The first time I met Cardi, a year-and-a-half ago, she was considering buying a bodega uptown so that her family could find some comfort, and cash, in working for themselves. The idea came from her father, a longtime cab driver. “I can’t sleep good at night,” she said at the time, “me living in a condo in Edgewater but my parents are not. My parents can’t be in the Bronx working regular-wage jobs.” Ultimately, Cardi decided against it, concerned that it would be all risk and no reward.
Still, the people who raised her to be the hard worker she is don’t want handouts; they want opportunities. When Cardi nixed the bodega and offered to give her dad an allowance instead, he declined. “He’s like, ‘No, find me job. I’m not gonna quit my job so you could give me money like a bum ass nigga.’” “I’m just thinking about like, what’s a good thing for my family to all work in? Like what? I don’t know.”
For some family members, though, Cardi does have advice. Nefi, she says, could make good money off a bartending gig at a club. And Hennessy, who is becoming something of a celebrity herself, is hot right now. After appearing on Love & Hip Hop as a pseudo-hype person for Cardi and growing her own fanbase on Instagram, she’s getting attention for hosting gigs and club appearances, like Cardi did in the earlier days of her career. “People are very interested in her right now, but people might lose their interest two, three months from now. So I always remind her, ‘You gotta do something that’s gonna make you money while you hot. Don’t fuck up the formula. Stay on your toes,’” Cardi says.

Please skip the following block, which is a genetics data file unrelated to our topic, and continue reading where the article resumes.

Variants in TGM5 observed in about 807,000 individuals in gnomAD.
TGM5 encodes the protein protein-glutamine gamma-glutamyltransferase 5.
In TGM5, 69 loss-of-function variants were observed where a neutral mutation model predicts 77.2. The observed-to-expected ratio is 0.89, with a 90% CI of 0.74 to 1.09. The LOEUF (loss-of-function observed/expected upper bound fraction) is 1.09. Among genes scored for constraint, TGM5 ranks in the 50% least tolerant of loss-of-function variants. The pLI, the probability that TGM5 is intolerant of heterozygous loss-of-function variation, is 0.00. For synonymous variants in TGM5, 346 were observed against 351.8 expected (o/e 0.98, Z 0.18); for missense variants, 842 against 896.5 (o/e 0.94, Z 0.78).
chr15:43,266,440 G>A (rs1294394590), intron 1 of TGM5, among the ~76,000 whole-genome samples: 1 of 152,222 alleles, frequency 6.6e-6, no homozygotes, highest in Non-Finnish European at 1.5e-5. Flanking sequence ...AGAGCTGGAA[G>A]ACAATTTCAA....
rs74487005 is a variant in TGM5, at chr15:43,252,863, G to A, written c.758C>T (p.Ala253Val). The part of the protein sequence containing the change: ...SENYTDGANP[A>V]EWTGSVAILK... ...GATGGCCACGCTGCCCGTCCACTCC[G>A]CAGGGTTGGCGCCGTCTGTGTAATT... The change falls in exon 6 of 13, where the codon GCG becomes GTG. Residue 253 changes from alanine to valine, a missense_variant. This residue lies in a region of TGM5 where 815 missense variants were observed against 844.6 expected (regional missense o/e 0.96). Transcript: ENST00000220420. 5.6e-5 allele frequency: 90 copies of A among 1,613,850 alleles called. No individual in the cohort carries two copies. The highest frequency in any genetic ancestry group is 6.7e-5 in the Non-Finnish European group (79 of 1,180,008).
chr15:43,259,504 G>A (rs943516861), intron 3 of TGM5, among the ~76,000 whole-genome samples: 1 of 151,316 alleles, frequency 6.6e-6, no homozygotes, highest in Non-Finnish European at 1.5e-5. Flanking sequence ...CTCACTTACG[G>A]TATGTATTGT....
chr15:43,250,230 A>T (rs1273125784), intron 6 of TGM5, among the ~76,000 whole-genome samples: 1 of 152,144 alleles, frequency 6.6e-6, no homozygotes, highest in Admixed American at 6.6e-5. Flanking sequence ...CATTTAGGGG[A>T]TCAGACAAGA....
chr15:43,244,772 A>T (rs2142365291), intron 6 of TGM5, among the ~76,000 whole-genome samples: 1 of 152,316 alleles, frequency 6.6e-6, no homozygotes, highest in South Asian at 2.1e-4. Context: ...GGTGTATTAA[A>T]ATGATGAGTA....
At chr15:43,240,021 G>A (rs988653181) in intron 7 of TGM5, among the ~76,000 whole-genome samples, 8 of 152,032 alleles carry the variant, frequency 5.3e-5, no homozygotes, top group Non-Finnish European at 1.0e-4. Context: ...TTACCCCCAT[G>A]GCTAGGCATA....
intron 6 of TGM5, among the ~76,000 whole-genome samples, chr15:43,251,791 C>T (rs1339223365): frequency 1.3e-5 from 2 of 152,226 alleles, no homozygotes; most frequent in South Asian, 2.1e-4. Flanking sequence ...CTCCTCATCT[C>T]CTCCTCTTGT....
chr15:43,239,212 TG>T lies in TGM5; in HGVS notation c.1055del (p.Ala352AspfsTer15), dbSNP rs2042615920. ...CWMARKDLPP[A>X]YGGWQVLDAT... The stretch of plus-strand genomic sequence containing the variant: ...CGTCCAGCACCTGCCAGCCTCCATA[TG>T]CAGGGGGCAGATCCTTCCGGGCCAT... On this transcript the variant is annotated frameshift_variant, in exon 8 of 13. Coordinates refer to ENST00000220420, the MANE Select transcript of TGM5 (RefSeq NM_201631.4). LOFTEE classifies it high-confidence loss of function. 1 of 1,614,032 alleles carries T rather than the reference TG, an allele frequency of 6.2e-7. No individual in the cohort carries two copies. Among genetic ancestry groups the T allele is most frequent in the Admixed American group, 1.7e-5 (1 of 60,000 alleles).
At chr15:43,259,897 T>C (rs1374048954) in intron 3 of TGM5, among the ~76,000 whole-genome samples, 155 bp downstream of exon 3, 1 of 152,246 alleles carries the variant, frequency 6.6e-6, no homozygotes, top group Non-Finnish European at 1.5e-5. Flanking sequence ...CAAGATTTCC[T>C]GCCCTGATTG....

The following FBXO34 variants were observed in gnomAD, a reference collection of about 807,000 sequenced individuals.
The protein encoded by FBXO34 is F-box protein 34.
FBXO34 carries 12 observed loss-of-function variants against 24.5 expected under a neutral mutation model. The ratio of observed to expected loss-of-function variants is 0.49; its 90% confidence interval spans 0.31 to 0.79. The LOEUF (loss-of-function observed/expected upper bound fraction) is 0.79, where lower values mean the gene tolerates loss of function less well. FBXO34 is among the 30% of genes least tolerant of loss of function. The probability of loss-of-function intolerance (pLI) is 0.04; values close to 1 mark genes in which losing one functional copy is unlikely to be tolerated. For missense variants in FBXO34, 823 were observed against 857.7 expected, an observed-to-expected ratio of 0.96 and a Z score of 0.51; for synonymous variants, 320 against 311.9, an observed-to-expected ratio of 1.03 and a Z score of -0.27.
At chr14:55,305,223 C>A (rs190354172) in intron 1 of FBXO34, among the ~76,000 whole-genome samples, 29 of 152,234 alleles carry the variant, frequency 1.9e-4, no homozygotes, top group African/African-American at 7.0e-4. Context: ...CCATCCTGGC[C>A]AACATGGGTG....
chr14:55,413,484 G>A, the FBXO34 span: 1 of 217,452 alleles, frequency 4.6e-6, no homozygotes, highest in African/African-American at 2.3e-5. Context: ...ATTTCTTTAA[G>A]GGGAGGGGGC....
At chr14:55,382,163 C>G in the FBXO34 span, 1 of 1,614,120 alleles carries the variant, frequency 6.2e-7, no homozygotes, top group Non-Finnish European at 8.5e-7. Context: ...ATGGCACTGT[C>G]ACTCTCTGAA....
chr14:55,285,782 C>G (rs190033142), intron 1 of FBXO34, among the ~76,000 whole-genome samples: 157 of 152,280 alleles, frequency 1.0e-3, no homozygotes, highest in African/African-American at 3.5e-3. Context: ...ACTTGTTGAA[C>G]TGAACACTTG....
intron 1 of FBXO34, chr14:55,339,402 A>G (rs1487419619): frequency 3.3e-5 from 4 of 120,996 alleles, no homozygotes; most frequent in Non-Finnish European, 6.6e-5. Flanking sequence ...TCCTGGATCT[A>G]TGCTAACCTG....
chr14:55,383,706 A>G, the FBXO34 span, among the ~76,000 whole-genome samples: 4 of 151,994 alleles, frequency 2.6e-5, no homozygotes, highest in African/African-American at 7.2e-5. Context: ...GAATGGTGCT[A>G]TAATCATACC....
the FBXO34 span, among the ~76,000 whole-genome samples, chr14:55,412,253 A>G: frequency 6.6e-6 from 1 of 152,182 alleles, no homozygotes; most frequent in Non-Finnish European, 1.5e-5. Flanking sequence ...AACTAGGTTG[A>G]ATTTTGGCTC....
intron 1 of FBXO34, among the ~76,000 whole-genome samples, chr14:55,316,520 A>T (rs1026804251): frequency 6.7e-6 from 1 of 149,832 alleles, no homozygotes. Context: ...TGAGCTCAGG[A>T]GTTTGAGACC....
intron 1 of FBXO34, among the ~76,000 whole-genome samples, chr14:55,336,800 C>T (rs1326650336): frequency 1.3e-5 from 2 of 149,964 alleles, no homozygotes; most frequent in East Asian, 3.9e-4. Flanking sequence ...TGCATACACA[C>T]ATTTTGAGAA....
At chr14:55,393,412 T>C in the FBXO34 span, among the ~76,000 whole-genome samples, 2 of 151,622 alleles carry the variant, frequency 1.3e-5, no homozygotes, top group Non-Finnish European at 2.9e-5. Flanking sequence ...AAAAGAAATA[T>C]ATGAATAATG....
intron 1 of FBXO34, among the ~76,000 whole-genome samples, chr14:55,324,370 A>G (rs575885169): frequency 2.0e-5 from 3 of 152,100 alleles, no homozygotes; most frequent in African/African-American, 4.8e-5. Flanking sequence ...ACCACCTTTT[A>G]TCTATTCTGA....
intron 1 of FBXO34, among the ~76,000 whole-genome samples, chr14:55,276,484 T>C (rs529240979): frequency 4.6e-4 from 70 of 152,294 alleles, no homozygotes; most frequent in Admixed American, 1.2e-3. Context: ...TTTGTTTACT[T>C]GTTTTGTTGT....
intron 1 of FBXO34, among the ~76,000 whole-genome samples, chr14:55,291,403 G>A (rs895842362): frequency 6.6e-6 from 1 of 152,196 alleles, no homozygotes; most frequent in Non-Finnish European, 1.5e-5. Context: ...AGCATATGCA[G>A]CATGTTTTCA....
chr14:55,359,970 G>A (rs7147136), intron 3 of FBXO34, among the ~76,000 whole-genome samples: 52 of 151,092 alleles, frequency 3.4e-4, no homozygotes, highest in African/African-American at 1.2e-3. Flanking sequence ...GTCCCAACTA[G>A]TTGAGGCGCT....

One muggy Tuesday in May, Cardi is desperate to replace her elaborate manicure, so we’re at a palatial new salon on Fordham Road in the Bronx, opened by Jenny Bui, the warm, quick-blinking woman who has been doing Cardi’s nails for four years. The shop is decorated in the same luxe style as Cardi’s apartment, with Chanel-logo chandeliers and a lot of purple everywhere. Employees wear black T-shirts bearing the phrase “Nice Nail’s Ain’t Cheap. Cheap Nail’s Ain’t Nice!!!” A woman walks around hawking mounds of costume jewelry, unsuccessfully; a man soon follows, making a convincing case for the tropical fruit — pineapple, watermelon, some sort of fruit salad — he’s selling out of round Tupperware containers.